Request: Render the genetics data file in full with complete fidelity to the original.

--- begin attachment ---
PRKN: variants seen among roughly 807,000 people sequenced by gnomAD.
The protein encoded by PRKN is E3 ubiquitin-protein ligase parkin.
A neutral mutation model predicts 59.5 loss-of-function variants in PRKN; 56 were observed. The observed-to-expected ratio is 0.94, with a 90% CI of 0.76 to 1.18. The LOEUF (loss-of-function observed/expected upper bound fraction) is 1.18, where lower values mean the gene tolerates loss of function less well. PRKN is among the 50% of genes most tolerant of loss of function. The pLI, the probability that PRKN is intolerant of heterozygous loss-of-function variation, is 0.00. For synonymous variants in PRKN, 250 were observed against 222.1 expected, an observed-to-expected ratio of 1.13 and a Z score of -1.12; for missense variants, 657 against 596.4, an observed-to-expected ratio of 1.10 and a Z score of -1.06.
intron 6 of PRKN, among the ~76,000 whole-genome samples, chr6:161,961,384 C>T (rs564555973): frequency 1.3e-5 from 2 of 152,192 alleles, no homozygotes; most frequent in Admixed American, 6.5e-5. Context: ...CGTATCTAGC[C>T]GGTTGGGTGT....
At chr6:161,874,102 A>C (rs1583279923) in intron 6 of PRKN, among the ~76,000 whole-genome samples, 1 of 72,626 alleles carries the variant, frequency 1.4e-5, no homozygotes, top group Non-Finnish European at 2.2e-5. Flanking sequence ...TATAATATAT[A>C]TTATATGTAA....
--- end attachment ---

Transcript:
PRKN: variants seen among roughly 807,000 people sequenced by gnomAD.
The protein encoded by PRKN is E3 ubiquitin-protein ligase parkin.
A neutral mutation model predicts 59.5 loss-of-function variants in PRKN; 56 were observed. The observed-to-expected ratio is 0.94, with a 90% CI of 0.76 to 1.18. The LOEUF (loss-of-function observed/expected upper bound fraction) is 1.18, where lower values mean the gene tolerates loss of function less well. PRKN is among the 50% of genes most tolerant of loss of function. The pLI, the probability that PRKN is intolerant of heterozygous loss-of-function variation, is 0.00. For synonymous variants in PRKN, 250 were observed against 222.1 expected, an observed-to-expected ratio of 1.13 and a Z score of -1.12; for missense variants, 657 against 596.4, an observed-to-expected ratio of 1.10 and a Z score of -1.06.
intron 6 of PRKN, among the ~76,000 whole-genome samples, chr6:161,961,384 C>T (rs564555973): frequency 1.3e-5 from 2 of 152,192 alleles, no homozygotes; most frequent in Admixed American, 6.5e-5. Context: ...CGTATCTAGC[C>T]GGTTGGGTGT....
At chr6:161,874,102 A>C (rs1583279923) in intron 6 of PRKN, among the ~76,000 whole-genome samples, 1 of 72,626 alleles carries the variant, frequency 1.4e-5, no homozygotes, top group Non-Finnish European at 2.2e-5. Flanking sequence ...TATAATATAT[A>C]TTATATGTAA....